The Center’s interior space is 6,000 square feet, and they also have a 3,000 square foot outdoor exhibition space. Exhibitions and events happen throughout the year.

SculptureCenter, 44-19 Purves St., Long Island City, NY 11101; (718) 361-1750; sculpture-center.org (GMAP)
Hours: Thursday – Monday, 11am-6pm (Closed Tuesday and Wednesday)
Admission: $5 suggested donation, $3 for students. 

Dorsky Gallery Curatorial Programs

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Image source: Dorsky Gallery Curatorial Programs

This arts non-profit is “dedicated to promoting contemporary visual arts to a broad public audience.” They strive to help the public understand and appreciate contemporary art through dialogue. This is a special place for curators, too, as they are given the opportunity to highlight artists they deem important in the world’s contemporary art scene.

By visiting, you’ll not only get a taste of contemporary art, you’ll also have the chance to understand how the curator came to choose the particular pieces in front of you, as well as read their thoughts about the works in the illustrated brochure provided by the Gallery.

Dorsky Gallery Curatorial Programs, 11-03 45th Ave., Long Island City, NY 11101; (718) 937-6317; dorsky.org (GMAP)
Hours: Thursday-Monday, 11am-6pm (Closed Tuesday and Wednesday)
Admission: Free 

Fisher Landau Center for Art

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Image source: Fisher Landau Center for Art

Housed in a former parachute harness factory, this private foundation is home to the contemporary art collection of Emily Fisher Landau. She is a philanthropist who, starting in the early 1960s, purchased may of the pieces in the collection from artists early in their careers – some of those artists include Andy Warhol, Cy Twombly, and Robert Rauschenberg.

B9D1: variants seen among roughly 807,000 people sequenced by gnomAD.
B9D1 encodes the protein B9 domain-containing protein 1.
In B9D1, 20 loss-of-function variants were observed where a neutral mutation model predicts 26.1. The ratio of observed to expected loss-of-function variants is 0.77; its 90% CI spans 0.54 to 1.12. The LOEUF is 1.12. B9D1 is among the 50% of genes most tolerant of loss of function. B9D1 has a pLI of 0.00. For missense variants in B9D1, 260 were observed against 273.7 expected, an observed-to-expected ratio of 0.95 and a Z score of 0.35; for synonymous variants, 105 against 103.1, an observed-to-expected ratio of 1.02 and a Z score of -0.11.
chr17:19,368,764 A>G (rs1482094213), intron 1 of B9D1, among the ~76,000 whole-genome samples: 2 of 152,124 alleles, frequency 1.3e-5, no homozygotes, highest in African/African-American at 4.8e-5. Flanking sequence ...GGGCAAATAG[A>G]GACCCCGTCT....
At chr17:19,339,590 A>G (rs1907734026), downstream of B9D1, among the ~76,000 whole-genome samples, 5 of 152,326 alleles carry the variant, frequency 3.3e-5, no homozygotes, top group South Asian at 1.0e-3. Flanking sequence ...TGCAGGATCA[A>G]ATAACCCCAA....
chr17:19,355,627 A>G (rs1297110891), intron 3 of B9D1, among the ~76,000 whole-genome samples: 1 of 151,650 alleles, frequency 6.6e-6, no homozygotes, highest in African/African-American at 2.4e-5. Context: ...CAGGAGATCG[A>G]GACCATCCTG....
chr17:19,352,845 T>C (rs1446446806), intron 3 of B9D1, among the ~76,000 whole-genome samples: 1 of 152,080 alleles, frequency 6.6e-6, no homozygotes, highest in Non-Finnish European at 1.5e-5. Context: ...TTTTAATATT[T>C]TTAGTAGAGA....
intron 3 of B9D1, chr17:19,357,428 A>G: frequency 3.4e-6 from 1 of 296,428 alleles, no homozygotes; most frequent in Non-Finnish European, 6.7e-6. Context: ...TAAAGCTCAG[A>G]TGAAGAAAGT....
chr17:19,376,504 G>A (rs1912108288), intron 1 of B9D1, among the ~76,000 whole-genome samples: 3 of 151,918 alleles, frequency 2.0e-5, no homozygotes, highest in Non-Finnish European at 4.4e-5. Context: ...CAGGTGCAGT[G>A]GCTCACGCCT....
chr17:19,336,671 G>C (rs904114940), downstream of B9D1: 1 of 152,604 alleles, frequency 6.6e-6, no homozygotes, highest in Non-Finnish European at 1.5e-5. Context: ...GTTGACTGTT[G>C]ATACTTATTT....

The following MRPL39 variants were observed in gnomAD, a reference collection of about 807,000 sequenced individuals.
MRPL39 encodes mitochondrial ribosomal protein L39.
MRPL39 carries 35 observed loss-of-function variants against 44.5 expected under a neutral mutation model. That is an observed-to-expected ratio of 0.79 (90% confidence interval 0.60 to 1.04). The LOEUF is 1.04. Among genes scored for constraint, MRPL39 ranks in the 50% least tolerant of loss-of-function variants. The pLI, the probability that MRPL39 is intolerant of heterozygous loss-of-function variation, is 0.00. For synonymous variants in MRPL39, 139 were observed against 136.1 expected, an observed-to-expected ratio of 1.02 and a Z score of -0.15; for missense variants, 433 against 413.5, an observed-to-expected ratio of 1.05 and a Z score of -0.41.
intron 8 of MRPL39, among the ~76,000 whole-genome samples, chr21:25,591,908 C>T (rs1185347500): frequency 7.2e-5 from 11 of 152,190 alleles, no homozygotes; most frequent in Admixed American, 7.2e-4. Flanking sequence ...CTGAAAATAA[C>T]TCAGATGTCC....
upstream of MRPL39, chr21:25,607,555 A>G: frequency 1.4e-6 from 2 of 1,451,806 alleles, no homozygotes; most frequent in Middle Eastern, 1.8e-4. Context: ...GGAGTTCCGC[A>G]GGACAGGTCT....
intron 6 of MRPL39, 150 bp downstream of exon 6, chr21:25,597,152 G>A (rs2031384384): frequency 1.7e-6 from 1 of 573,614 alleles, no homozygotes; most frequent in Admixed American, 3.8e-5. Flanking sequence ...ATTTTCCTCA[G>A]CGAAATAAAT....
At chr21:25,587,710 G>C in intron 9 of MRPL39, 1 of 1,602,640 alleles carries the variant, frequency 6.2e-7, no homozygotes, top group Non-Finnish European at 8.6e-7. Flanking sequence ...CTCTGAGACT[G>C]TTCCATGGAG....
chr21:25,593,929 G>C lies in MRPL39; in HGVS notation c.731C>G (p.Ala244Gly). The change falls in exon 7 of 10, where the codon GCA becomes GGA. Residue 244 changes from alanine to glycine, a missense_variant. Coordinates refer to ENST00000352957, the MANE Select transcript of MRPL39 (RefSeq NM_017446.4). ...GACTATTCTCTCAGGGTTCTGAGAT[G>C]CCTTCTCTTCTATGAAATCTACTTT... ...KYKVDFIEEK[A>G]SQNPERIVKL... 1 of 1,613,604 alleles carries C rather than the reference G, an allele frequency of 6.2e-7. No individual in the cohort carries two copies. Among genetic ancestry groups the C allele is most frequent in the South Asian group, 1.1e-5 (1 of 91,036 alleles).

The museum itself was designed by Max Gordon (designer of the Saatchi Collection in London) with Bill Katz, who is the curator of the collection. The mid-century furniture in the Center is designed by Warren McArthur. The exhibition space takes up three floors, and on each floor you’ll find a staff member happy to help guide you through the immediate collection.

Fisher Landau Center for Art, 38-27 30th Street Long Island City, NY 11101; (718) 937-0727; flcart.org (GMAP)
Hours: Thursday through Monday, 12 to 5pm
Admission: Free 

Flux Factory

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Image source: Flux Factory

This non-profit arts center “supports and promotes emerging artists through exhibitions, commissions, residencies, and collaborative opportunities.” It serves as an “incubation and laboratory space for the creation of artworks” and collaboration is an important part of that process.

Flux Factory runs a residency program for artists, produces major exhibits a year, as well as numerous smaller ones yearly, including open studios. They have also produced a number of classes and workshops that anyone can take, as well as monthly salons, lectures, film-screenings, and receptions for visitors to the center.

Flux Factory, 39-31 29th St., Long Island City, NY 11101; (718) 707-3362; fluxfactory.org (GMAP)
Hours: Varied, depending on what is showing at any given time
Admission: Varied, depending on the event 

Next Page: Theaters and Performance Venues >